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We’ve talked before about the benefits of implementing progress monitoring. The most notable of which, is that tiered supports are designed to be a way of meeting all students’ learning needs. In many cases, students with school difficulties are able to get back on track through such supports. In years past, such students might have struggled or failed for a long time, and then have been referred for special education services.
Thankfully, students no longer need to “wait to fail” in order to access help in school. Still, there are students with disabilities whose educational needs are addressed with an individualized education program (IEP) and these services are an important component of universal public education in the U.S.
What is often overlooked is the fact that students with IEPs need — and can benefit from — progress monitoring as well. There are many FAST™ progress measures that can be used to track student progress toward IEP goals. This blog will provide information about how to use FAST progress assessments within special education.
IEP Goals and Progress Monitoring
All IEPs are required to have both annual goals and interim learning objectives. There should be a progress measure matched to each IEP goal that will be used regularly to track the student’s progress toward each goal. Although information about the progress measure that will be used should be included in the IEP, many states and school districts have special education policies that prohibit the mention of a specific progress assessment by name.
This is because using the trademark name of an assessment in an IEP could be interpreted as a guarantee to use only that measure. There are many similar published progress measures that could all be used to track a student’s progress. Therefore, many IEPs will include a description of the type of assessment, but not the trademarked name. For example, a student with an IEP goal for reading fluency might be matched to a progress assessment stated as “a measure of oral reading fluency.”
Selecting the Best IEP Progress Measures for Math, Reading, or Behavior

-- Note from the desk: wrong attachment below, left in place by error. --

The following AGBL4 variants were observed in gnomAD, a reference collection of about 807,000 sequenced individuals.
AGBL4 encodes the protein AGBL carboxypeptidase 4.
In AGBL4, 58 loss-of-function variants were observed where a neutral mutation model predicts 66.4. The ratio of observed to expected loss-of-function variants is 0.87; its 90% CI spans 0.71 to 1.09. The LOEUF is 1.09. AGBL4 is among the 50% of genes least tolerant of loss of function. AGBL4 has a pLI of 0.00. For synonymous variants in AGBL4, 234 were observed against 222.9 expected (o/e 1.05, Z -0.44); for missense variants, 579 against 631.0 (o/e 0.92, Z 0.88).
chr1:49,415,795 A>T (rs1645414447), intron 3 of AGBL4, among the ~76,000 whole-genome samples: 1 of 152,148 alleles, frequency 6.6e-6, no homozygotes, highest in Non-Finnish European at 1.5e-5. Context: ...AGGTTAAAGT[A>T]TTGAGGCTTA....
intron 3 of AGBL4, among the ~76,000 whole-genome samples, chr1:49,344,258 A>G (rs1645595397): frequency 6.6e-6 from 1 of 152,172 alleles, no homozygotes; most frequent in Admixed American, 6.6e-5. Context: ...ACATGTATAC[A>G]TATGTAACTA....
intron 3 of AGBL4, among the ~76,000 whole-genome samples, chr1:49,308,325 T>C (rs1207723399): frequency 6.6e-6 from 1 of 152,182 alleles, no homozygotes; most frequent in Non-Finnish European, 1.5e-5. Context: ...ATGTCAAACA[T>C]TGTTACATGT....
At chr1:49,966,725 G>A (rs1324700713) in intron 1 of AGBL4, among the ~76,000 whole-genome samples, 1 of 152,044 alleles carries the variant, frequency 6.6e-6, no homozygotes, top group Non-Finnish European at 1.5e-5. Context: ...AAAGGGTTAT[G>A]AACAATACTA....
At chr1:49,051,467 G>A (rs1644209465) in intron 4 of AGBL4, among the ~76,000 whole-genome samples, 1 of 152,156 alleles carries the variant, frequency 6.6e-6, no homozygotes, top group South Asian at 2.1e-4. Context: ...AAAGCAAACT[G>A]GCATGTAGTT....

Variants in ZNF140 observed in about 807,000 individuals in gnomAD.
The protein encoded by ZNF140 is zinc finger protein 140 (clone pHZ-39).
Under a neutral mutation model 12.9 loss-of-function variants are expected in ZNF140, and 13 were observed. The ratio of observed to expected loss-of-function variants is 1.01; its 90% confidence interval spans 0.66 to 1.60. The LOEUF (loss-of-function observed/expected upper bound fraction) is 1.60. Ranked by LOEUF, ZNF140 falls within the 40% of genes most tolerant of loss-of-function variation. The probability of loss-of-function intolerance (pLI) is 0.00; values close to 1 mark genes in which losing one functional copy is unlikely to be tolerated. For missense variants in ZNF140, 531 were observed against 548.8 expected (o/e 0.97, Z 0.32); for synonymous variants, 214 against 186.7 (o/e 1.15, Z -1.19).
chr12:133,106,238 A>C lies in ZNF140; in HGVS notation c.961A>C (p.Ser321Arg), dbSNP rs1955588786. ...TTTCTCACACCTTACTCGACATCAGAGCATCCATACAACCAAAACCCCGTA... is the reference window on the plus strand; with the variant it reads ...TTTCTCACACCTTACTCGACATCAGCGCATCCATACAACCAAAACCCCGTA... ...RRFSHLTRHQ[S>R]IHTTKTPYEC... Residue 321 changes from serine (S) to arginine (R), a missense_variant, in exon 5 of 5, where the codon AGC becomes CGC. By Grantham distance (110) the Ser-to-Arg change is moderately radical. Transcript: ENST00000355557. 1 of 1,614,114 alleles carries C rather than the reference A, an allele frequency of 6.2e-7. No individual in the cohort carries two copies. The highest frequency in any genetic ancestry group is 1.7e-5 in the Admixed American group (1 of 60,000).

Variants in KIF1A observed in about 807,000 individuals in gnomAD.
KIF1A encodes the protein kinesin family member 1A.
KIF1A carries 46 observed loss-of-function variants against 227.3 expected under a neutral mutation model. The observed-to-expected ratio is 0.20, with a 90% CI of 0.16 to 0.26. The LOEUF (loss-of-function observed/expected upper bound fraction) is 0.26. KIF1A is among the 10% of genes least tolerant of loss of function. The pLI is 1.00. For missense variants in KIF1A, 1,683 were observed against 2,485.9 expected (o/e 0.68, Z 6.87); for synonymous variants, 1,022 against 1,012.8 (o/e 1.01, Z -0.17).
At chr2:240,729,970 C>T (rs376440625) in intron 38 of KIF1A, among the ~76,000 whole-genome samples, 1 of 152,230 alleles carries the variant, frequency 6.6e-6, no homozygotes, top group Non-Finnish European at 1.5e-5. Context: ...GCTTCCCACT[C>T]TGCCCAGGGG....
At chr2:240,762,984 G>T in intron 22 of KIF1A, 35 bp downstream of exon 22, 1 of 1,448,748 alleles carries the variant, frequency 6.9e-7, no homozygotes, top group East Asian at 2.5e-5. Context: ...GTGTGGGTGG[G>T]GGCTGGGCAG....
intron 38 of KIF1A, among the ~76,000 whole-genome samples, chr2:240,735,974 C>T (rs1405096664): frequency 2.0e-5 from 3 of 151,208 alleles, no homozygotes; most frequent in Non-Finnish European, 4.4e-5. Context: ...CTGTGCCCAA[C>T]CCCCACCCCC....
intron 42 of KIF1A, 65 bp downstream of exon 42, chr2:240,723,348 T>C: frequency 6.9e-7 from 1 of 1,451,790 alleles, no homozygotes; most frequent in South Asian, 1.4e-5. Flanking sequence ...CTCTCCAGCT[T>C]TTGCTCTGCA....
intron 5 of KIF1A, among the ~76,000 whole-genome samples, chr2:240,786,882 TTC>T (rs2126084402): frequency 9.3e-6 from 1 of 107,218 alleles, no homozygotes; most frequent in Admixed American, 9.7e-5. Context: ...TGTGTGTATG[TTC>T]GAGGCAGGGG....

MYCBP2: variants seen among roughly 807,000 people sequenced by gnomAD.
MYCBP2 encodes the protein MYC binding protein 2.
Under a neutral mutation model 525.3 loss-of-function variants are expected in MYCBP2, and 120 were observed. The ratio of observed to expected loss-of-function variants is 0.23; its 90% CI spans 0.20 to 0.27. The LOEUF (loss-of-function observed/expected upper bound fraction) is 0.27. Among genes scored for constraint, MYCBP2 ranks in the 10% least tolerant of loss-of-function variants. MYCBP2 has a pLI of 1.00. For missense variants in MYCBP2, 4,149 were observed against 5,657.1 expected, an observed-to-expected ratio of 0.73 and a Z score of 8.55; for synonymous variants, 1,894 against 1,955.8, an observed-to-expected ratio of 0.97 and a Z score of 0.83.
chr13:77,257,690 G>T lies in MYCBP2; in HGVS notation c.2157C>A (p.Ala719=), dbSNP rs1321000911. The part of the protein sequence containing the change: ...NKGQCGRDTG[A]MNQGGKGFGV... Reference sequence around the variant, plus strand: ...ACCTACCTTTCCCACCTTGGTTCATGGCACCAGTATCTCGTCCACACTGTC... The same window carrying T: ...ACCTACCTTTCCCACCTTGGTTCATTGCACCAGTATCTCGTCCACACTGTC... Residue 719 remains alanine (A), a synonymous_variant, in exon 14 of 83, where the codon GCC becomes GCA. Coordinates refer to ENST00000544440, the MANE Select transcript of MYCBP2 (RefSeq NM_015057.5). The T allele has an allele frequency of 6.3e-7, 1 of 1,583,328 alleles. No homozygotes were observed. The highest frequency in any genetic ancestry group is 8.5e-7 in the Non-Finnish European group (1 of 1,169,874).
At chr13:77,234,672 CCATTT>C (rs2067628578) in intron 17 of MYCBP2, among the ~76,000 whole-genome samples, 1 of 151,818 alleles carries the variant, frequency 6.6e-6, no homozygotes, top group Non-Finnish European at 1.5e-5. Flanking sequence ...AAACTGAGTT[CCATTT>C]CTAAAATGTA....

To be helpful, a progress assessment needs to measure the specific skill taught in the instruction. Some students with IEPs might have goals below their current grade level. As a result, the progress measure will need to reflect the instructional grade level.
It might be possible to identify the student’s current instructional level from the current instruction or from universal screening data. If the student’s instructional level is not clear with the available data, it is possible to use one or more FAST screening assessments to learn more about the student’s skills. When developing IEP goals and progress measures it is important to use multiple sources of data.
The following table shows the available FAST™ progress measures and the skills they measure.
|Counting and Cardinality|
|Counting and Cardinality|
|Expressions and Equations|
|Number and Operations in Base 10|
|Expressions and Equations|
|Concepts of Print|
|Fluency and Comprehension|
|Unique individual behaviors|
Any of the above progress measures can be used in an IEP. It is important to note that if a student did not complete a FAST™ screening assessment, it might be helpful to conduct the screening at the planned grade level in order to know the student’s starting point. This will also make it easier to set a student’s FAST score goals. FastBridge Learning recommends that students with IEPs complete weekly progress assessments.
The rationale for weekly monitoring is that students with IEPs have significant skill gaps that require specialized instruction. Having weekly progress data helps the team know how well the instruction in the IEP is working and what needs to be changed.
Reviewing Student IEP Progress Data
IEP progress is formally reviewed at the end of each school quarter as well as during the annual team meeting. Special educators can look at progress data as often as they like but are encouraged to review scores at least every 6 weeks in order to be sure that the student is making effective progress toward goals.
Progress data can also be included in the quarterly and annual reports. As a component of these reports, the FAST Progress report can be attached so that parents can see student progress on a regular basis as well. It is worth noting that progress data can also be used in relation to determining whether a student still needs special education services.
For example, if a fifth-grade student is making good progress in developing better reading skills, and such progress is shown in a CBMreading graph but the monitoring level is third grade, then the need for ongoing services is evident. At the same time, the team could discuss and create a plan for how to accelerate the student’s reading skills so that fourth-grade instruction and monitoring can be achieved.
In summary, progress monitoring is an important tool for supporting the learning needs of all students. It provides a way to see each student’s real-time learning outcomes and helps teachers adjust instruction as needed. Students with disabilities who have IEPs can benefit from progress monitoring just as much as other students. FAST progress measures can be used to monitor IEP goals and objectives and the Progress Monitoring reports can be included with quarterly and annual updates to parents.